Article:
to read more about the different types of reverse mortgage payment
Can I choose how to receive my money?
If you take out a reverse mortgage, one of the
major advantages is that you can choose how you would like to
receive the money that you release from your home.
Some clients like to know that they will be receiving
a fixed income for a set term whilst others will like to take
a more proactive stance in managing their money and want a lump
sum. Others might know that they are likely to need a certain
amount over a period of time, but are not so sure exactly when
they need it.
Fortunately, with a reverse mortgage, there are
payment plans to suit everyone.
The Tenure Plan:
Here the borrower receives equal and regular monthly
payments from the reverse mortgage lenders for as long as they
live and remain in the property.
The Term Plan:
Here, similar to the Tenure plan, the borrower
will receive equal and regular monthly payments from the reverse
mortgage provider with the exception that the payments are made
for a certain length of time, or term. The term of the plan is
decided by the borrower and agreed by the lender. What's important
to remember is that repayment isn't necessarily due when the term
is over. Repayment is due when the borrower dies or ceases to
live in the property anymore.
Line of Credit Plan:
The line of credit is without doubt the most popular
reverse mortgage plan. Here, instead of a monthly payment, the
borrower decides as and when they need the money, instructing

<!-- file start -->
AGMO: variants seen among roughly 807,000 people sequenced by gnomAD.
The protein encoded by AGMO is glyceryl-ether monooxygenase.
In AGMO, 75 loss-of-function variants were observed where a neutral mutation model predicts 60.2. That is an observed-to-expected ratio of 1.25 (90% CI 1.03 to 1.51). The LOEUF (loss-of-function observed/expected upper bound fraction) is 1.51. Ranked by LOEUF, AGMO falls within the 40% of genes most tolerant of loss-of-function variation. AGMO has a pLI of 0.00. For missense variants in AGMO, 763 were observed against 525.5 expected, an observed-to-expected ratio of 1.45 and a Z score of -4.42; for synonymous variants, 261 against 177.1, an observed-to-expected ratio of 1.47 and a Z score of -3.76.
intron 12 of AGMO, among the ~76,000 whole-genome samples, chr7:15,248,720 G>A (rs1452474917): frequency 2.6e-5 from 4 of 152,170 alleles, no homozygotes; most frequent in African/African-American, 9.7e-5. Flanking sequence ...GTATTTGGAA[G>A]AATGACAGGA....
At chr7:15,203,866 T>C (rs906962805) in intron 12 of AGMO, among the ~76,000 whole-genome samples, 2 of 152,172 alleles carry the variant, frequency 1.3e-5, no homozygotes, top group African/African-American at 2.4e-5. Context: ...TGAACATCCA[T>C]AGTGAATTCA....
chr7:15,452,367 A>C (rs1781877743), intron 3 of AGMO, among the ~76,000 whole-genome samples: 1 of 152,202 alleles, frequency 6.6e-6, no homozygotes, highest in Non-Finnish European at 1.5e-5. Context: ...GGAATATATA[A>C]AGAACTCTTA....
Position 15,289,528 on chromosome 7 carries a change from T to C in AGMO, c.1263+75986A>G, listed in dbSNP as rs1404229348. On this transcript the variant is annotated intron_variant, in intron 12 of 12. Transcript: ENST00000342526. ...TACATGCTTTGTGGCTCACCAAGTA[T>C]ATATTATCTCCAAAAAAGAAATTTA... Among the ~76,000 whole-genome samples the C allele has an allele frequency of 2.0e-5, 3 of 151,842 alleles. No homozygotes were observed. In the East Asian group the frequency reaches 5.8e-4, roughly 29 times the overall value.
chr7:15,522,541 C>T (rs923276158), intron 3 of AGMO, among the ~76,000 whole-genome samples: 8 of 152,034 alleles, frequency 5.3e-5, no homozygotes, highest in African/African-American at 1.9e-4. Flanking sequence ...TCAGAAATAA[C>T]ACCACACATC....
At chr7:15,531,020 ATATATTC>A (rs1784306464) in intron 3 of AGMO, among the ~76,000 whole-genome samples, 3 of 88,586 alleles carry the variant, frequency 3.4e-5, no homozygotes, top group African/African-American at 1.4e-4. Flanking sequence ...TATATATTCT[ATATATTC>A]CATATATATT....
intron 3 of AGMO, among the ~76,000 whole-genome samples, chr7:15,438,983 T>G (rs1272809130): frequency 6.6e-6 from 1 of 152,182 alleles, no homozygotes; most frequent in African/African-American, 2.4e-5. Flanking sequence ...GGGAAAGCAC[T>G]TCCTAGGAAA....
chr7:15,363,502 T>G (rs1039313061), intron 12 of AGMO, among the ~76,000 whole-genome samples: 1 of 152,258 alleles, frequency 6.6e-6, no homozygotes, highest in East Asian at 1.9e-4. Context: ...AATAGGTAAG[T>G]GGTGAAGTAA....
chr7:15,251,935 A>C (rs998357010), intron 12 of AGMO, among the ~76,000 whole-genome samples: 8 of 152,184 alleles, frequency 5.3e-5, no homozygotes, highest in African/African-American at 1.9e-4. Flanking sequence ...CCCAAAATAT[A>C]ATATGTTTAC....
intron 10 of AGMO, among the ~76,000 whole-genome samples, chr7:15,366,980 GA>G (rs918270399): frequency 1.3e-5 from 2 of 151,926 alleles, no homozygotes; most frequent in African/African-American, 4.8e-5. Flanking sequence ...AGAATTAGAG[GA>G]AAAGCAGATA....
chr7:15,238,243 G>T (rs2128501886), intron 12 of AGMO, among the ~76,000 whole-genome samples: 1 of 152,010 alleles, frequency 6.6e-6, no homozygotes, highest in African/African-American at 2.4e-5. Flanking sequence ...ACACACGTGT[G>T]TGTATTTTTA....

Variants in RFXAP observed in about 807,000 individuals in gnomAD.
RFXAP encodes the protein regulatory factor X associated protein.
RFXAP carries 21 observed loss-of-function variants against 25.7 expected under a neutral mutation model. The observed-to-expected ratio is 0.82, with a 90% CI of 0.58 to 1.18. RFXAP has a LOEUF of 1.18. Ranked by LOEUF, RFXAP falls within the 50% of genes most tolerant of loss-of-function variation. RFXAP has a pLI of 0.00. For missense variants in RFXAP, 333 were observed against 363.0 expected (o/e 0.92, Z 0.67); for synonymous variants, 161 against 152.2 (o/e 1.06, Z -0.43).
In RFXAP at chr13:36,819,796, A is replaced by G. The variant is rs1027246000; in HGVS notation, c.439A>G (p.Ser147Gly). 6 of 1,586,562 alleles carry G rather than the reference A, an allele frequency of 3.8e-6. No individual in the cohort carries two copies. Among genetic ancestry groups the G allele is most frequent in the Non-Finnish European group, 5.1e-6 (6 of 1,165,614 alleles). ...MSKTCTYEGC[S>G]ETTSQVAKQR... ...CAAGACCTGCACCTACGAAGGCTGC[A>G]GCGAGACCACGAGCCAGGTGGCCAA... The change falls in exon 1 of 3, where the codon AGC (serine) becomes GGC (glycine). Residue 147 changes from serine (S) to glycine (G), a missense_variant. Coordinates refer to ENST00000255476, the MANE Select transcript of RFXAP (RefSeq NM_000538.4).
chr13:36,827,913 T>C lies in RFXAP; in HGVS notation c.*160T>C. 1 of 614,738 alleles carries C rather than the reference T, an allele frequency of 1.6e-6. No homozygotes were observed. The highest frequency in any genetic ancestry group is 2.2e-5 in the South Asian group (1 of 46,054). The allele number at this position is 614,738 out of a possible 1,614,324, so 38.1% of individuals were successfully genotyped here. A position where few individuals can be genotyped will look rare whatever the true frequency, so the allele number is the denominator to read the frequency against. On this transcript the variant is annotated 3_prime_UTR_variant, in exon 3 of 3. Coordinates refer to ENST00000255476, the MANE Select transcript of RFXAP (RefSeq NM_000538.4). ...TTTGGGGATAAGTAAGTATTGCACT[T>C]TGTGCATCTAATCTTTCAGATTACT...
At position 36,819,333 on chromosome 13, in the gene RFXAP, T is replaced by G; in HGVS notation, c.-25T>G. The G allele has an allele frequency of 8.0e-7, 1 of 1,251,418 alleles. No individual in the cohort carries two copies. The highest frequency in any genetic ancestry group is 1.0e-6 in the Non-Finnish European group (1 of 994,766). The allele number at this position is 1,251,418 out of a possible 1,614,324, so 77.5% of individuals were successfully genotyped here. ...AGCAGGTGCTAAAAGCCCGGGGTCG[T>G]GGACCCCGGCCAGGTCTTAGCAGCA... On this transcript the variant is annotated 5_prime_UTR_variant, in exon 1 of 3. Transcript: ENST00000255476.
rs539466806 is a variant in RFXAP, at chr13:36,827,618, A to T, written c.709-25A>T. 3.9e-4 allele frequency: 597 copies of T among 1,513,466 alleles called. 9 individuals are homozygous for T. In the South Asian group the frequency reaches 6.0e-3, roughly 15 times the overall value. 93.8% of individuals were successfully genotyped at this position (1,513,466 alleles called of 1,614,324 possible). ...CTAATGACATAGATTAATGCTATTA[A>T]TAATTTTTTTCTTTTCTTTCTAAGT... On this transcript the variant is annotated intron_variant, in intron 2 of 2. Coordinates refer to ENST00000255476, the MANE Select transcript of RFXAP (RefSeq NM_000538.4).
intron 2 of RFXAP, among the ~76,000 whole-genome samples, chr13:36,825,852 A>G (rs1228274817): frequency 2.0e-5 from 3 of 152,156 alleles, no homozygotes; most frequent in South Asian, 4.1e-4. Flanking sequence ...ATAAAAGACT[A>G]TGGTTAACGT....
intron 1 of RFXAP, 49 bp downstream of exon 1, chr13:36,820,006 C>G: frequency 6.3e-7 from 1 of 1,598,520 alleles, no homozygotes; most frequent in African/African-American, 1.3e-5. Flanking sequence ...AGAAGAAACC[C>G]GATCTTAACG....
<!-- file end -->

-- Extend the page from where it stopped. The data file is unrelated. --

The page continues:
the reverse mortgage lender to issue an installment. Payments
are unscheduled and it works in a 'line of credit' where there
is a pre-determined maximum claim amount which the borrower can
dip into when they want.
Modified Tenure Plan:
The modified tenure plan is a 'combination' plan.
Like the tenure plan, the borrower will receive regular monthly
payments for the rest of their life or residency. On top of this,
the borrower can request money as and when they need it, up to
their line of credit.
Modified Term Plan:
Another 'combination' plan, the modified term
plan combines the Line of Credit Plan with the Term Plan. Here
the borrower will receive regular monthly payments for a fixed
term (decided by the borrower) but retains the ability to draw
more money from the lender, up to their line of credit, as and
when they want.
Can I change the reverse mortgage rates?
The short and simple answer is YES.
Many people who have taken out a reverse mortgage
decide that their needs have changed and it is time for them to